Y'know, the color data can be so much thinner than the luminance data, I wondered if I could borrow RGB from an image I made last year at a much different scale. See the original on slowblog page 35, here. That image was made with a 5-inch A-P refractor, working at 542mm EFL. I layered the RGB data into the luminance frame made with a 2000mm FL Ritchey-Chretien. Line 'em up in Photoshop and... Voila!


n891 color

NGC 891, an edge-on galaxy in Andromeda
22x900s L 10-inch R-C
8x900s L, 900s RGB, 5-inch APO (12/13/2010)


11/3/2011: Stop the presses! The noisy, streaky H-a backgrounds I've been straining to fix are caused, predictably enough, by issues with the dark frames. Actually, they arise from the use of a dark frame. Make more than one. I shot three fresh darks around sunrise this morning, did a median combine, and used the result to reprocess the NGC 7000 data. I did the prcocessing side by side, using identical settings. The stack using the 3-frame dark was clearly superior, clearly quieter. That's understated: the result was incomparably better. Make more darks! A calculator on the web (CCDWare site) suggests that 24 darks would be about right based on the sky background in my H-a ST2000XM frames. I've reprocessed the Bubble Nebula photo and show my best efforts with 1 and 3 darks above. As you can see, far less aggressive smoothing was requried to get rid of noise. That means the best balance between noise and both detail and sensitivity can show more detail and a more subtle presentation of tones. There's more and fainter detail left to see when I don't have to work so hard to remove objectionable noise.

On the next night with clouds and no actual rain (tonight?), collect a slew of darks to found a calibration library. Start with -30° and -40° sets, keep making new ones and use as many of the most recent images as needed to make master darks.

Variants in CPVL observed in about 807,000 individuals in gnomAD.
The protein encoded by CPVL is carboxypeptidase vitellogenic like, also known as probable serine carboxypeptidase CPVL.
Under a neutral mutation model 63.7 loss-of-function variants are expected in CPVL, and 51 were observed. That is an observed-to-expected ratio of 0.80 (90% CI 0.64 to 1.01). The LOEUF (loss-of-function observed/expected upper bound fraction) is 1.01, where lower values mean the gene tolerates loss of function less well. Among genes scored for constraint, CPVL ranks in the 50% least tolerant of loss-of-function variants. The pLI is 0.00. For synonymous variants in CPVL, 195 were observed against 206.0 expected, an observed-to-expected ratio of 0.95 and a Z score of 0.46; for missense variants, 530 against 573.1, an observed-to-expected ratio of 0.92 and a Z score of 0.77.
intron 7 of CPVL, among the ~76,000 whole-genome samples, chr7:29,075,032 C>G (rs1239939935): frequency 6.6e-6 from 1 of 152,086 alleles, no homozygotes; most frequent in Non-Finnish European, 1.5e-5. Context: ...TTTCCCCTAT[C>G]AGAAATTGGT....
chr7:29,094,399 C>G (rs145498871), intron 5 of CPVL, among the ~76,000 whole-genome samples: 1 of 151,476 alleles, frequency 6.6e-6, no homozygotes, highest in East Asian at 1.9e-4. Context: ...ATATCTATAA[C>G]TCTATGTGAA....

BTW, plate solving some of tonight's images using Pinpoint Astrometry in Maxim shows the R-C's focal length to be 1989mm, just shy of the 2000mm expected.


11/4/2011. In the afternoon, I began a library of calibration frames — sets of dark and bias frames at various temperatures — with the idea that I will admit new darks from tiime to time and eventually age the older ones out of the library. By morning, I had enjoyed a very successful night though I never opened the shutter once. I had captured 63 dark and 64 bias frames:

chip temp °C:
Bias frames:
300s darks:
900s darks

From this we can learn certain things: that bias frames are quick and easy, so you can take a lot; that I had to wait until very late / very early for the ambient temperature to drop low enough to take data at -40 (the camera can cool the chip a little more than 40 degrees Celsius without resorting to water cooling); that I expect to image at -30 or below for the rest of autumn, all of winter, and into spring, and that 900s subs are my favorites, so I took particular care to get calibration images for that regime. I don't see any particular reason to fill in the left side of the table since I doubt I will be imaging at warmer chip temperatures for some months to come, by which time darks taken now will be too old to use anyway. And there should be plenty of opportunities before winter to make more calibration frames at -35 and -40.

From examining the FITS headers of the frames, we learn why more than one dark frame is needed. The temperature of the chip varies by half a degree C up or down from frame to frame. From examining the frames themselves, it's easy to see that while most of the hot pixels stay put from frame to frame, a myriad of fainter pixels do not seem quite so steady. Also, it's entirely possible that "hot" pixels are not full on 65,000-level hot; they too may vary from frame to frame. All in all, after this exercise, it's a wonder things have worked as well as they have.

There are lots of rules of thumb: at least three dark frames, as many darks as lights. And there are complex, statistical and engineering models to determine the optimal number of darks. For the moment, I want "at least three, preferably ten, and ideally however many the model says" for future images.






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                   © 2011, David Cortner